Big Democracy and Protest

March 19, 2015 Leave a comment

Image credit: The Guardian

Here is the fact: one segment of the population suffers daily humiliation from the sanctioned authorities. These humiliations too often lead to the most tragic of outcomes – murder by police. Another segment of the population, a much larger and dominant segment, does not have any direct experience of this sort of injustice. So they deny that it exists or that really matters that much. And here is where we find ourselves.

Protest has always been about disruption. Protest aims to make us so uncomfortable that we have to pay attention to things we have not been willing to see. It is very normal to react with anger towards the person that wakes you up. However, it is not wise to stay angry, it is best to stay awake.

It is also important to understand that there is no real guidebook for movement. The guidebooks that have been written are written for a different time. Movements have to experiment, they must test boundaries and yes, they must make mistakes.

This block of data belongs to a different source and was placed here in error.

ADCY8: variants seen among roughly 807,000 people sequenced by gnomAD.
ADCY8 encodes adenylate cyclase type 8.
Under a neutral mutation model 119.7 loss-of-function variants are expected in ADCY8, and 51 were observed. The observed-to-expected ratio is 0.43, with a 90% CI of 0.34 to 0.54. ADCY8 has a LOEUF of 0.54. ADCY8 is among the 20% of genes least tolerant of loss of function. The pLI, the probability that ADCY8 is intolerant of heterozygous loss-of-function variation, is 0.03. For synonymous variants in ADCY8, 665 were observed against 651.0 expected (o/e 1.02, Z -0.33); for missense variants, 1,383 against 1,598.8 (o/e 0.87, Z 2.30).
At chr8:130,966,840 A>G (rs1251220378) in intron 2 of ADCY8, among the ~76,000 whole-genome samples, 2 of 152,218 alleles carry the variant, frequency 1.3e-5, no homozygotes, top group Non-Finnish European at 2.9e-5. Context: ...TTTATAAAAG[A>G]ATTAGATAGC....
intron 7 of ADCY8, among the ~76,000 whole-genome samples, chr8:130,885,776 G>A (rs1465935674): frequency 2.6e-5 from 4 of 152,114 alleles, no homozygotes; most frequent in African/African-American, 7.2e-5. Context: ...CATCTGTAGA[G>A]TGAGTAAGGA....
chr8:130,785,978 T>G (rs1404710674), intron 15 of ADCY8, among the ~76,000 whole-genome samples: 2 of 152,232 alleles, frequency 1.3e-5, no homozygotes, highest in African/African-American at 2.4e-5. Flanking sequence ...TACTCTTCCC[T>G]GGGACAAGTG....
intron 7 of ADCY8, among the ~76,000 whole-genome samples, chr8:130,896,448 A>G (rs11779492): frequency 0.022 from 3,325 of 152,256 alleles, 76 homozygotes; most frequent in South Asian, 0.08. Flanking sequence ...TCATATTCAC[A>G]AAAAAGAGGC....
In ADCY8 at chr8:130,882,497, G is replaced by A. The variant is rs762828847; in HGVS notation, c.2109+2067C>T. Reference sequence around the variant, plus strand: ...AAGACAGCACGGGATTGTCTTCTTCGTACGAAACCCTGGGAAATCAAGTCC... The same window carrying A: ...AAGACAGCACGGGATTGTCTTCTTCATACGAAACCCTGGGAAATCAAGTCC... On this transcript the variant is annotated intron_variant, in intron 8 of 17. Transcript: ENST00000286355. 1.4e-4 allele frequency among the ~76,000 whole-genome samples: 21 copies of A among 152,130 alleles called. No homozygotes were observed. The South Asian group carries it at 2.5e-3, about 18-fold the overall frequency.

Our work here at IISC is oriented towards Big Democracy. We seek, design, facilitate, support, encourage, activate practices that deepen our engagement with democracy. We deny the myth that democracy can be reduced to the sporadic episode of the vote. We refuse to limit democracy to the boundaries of the state and its control. We mean to continually expand people’s say over the decisions that affect their lives.

Protest is an effort at deepening democracy. Movement is a process. Our role is to engage.

I’m a fan of Eroc and The Foundation Movement, he is also a friend – and most importantly, he is a {r}evolutionary. I am still appreciative of his opinion piece in the Weekly Dig – An Open Letter to the Open Minded. Read it.

I’ve seen Eroc grow out of the dogmatic orthodoxies that are too often confused with radicalism and towards the complexities of critical thought that our movement moment demands. Eroc looks at the mainly unpopular protests that closed down I-93 in Eastern Massachusetts and places them in a much richer context.

Without a historical context though, how can one make sense of recent uprisings? How and when will we dismantle systemic injustices? Who is willing to admit they don’t have all the answers?

Eroc quotes Mallory Hanora, one of the I-93 protesters:

“Too often we confuse safety with our own comfort. I hope we can move away from comfort and towards justice.”

These are not times to be comfortable. These are times for waking up.

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